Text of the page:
Jonathan Swift was an Eighteenth Century writer of satirical works such as “Gulliver’s Travels”
When and Where was he Born?
30th November 1667, Dublin, Ireland.
Jonathan Swift’s parents were both English. His father died before his birth. His sister and he were raised by his mother and three uncles.
Kilkenny School, Ireland. Trinity College, Dublin.
Chronology/Biography of Jonathan Swift:
1682: Went to Trinity College, Dublin although he was never a very good student.
1686: Received his degree “speciali gratia” i.e. because of a special decree. Undaunted he stayed on to study for a higher degree.
1689: Moved to England due to political unrest in Ireland and worked as secretary to Sir William Temple at Moor Park, Farnham in Surrey. Temple an ex-diplomat needed someone to help him prepare his memoirs. The relationship between the two men was always difficult but Swift stayed with him for ten years. Whilst at Moor Park he had full access to the large, well-stocked library. He became the tutor to Esther Johnson the daughter of Temple’s housekeeper. He referred to Esther as Stella in his writings and some say that the two were secretly married. He supported his master on the side of the Ancients in the “Querelle des Anciens et des Modernes” which had spread from France and started to write “The Battle of the Books”.
1699: Death of Sir William Temple. Swift returned to Ireland and took up various positions in the church.
1704: Jonathan Swift’s first book “A Tale of a Tub”, which he had worked on at Moor Park, was published anonymously. This was considered to be blasphemous by Queen Anne and put paid to any chances of preferment within the church. He continued to write numerous essays and his popularity increased both in England as well as Ireland.
1710: Returned to London. Although he had been born into the Whig political tradition he now began to be influenced by the Tories and he became Editor of the Tory journal “The Examiner”. Also began writing the “Journal to Stella.”
1713: Swift and his literary friends founded the Scriblerus Club.
1714: At the death of Queen Anne the Tory tradition came to an abrupt end and Swift returned to Ireland for good. He became Dean of St. Patrick’s Cathedral in Dublin. He wrote little more until the 1720’s when he began to write poetry again. His essays of the period were quite satirical, especially “A Modest Proposal” in which Swift proposes selling the children of the Irish poor as food for the rich. He also engaged himself in the cause of Irish liberties.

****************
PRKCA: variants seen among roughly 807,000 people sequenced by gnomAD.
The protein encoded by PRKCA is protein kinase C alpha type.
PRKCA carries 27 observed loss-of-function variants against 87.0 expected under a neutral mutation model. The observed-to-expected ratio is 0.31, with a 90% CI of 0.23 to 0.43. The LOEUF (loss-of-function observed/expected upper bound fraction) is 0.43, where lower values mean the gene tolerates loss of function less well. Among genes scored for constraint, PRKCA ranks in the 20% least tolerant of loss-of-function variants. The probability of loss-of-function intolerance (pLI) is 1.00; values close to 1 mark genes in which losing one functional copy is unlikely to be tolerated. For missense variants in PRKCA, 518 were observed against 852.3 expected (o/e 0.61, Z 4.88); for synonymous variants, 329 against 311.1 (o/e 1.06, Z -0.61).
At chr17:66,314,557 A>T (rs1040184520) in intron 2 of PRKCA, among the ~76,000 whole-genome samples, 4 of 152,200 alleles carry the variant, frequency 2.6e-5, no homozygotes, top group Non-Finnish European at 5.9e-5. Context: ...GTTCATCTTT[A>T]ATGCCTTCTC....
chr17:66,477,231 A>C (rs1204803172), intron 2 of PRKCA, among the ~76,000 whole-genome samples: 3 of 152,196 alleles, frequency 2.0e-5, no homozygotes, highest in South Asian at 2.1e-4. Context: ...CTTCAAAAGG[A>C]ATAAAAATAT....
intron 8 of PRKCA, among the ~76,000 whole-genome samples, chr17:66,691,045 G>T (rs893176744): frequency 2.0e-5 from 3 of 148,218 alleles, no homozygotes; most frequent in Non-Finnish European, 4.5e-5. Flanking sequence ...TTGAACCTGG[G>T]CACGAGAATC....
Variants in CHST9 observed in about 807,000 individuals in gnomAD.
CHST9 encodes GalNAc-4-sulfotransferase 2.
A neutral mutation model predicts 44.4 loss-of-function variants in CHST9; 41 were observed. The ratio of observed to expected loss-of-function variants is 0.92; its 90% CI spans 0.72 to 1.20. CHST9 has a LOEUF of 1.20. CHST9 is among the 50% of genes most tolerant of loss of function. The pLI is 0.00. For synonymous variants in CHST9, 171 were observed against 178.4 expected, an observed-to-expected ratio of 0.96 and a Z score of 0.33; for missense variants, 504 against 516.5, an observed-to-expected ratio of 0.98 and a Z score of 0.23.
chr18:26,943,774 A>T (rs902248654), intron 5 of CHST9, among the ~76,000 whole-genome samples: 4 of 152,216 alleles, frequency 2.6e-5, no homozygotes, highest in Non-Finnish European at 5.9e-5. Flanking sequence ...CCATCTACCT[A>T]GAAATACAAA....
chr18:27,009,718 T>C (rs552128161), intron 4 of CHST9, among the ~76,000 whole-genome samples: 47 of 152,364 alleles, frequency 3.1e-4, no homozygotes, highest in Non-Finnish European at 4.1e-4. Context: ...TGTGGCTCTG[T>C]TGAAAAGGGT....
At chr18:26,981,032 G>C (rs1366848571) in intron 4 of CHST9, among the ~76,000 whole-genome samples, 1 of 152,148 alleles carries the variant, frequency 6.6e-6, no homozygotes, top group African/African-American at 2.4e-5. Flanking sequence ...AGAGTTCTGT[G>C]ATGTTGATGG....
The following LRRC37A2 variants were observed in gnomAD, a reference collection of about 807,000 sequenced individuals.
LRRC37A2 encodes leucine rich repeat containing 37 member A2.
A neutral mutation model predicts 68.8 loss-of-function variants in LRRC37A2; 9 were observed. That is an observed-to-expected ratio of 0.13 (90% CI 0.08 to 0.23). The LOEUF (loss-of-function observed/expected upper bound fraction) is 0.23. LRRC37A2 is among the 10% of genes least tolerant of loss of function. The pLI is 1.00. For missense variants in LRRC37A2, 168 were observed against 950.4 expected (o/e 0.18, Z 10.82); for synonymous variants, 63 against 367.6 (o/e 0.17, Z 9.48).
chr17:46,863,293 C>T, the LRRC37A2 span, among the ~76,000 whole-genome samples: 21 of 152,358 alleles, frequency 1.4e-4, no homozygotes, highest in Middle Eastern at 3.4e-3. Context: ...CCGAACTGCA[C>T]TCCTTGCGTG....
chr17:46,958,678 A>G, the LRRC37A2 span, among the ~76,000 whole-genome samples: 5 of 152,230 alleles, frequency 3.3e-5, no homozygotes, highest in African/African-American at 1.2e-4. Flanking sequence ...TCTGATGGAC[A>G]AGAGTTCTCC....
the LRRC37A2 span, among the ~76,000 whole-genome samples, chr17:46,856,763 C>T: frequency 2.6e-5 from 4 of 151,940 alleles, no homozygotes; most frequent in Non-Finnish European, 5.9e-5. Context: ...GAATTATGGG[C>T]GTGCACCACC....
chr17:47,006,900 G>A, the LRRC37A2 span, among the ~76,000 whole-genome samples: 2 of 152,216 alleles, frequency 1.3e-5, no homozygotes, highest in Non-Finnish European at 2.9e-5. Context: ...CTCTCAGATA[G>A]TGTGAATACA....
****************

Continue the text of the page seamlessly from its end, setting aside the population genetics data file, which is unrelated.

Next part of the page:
1721: Jonathan Swift began to write his most famous work “Gulliver’s Travels”.
1724: Published “The Drapier’s Letters” which concerned itself with the restrictions placed by the English on Irish Trade particularly in the wool industry.
1725: Finished “Gulliver’s Travels.” This work is in several parts and aims it’s satire at political parties, religious dissension and man’s inhumanity and pomposity.
1726: Gulliver was published anonymously and was an instant success. Short visit to London.
1727: Short visit to London
1730’s: He continued to write but some writers have said that his sanity was in doubt. Some recent scholars think that this may have been caused by Meniere’s Disease. It is clear that a disorder of the inner-ear causing vertigo caused him much trouble.
1733: He published what he himself considered to be his best satire, “On Poetry: a Rhapsody”.
1742: Jonathan Swift suffered a stroke and was cared for by local people.
1701: “Contests in Athens and Rome”.
1704: “The Battle of Books”. “A Tale of a Tub”.
1708: “Esquire Bickerstaff’s most Strange and Wonderful Predictions for the Year 1708”.
1712: “Meditation Upon a Broomstick”.
1711: “An Argument Against Abolishing Christianity”. “Conduct of the Allies”.
1712: “Proposals for Correcting the English Language”.
1720: “Proposal for the Universal Use of Irish Manufactures”.
1721: “Letter to a Young Gentleman Lately Entered into Holy Orders”.
1726: “Gulliver’s Travels.” “Cadenus and Vanessa”.
1728: “A Short View of the State of Ireland”.
1729: “A Modest Proposal for Preventing the Children of Poor People from Being a Burden to their Parents”.
1735: “Collected Works”.
1736: “The Legion Club”.
1745: “Directions to Servants”.
(1758): “The History of the Four Last Years of the Queen”.
Probably never married although sometimes said to have married Esther Johnson, whom he called Stella, in secret.
Places of Interest:
When and Where did he Die?
19th October 1745, Dublin, Ireland.
Age at Death:
Site of Grave:
St. Patrick’s Cathedral, Dublin, next to “Stella”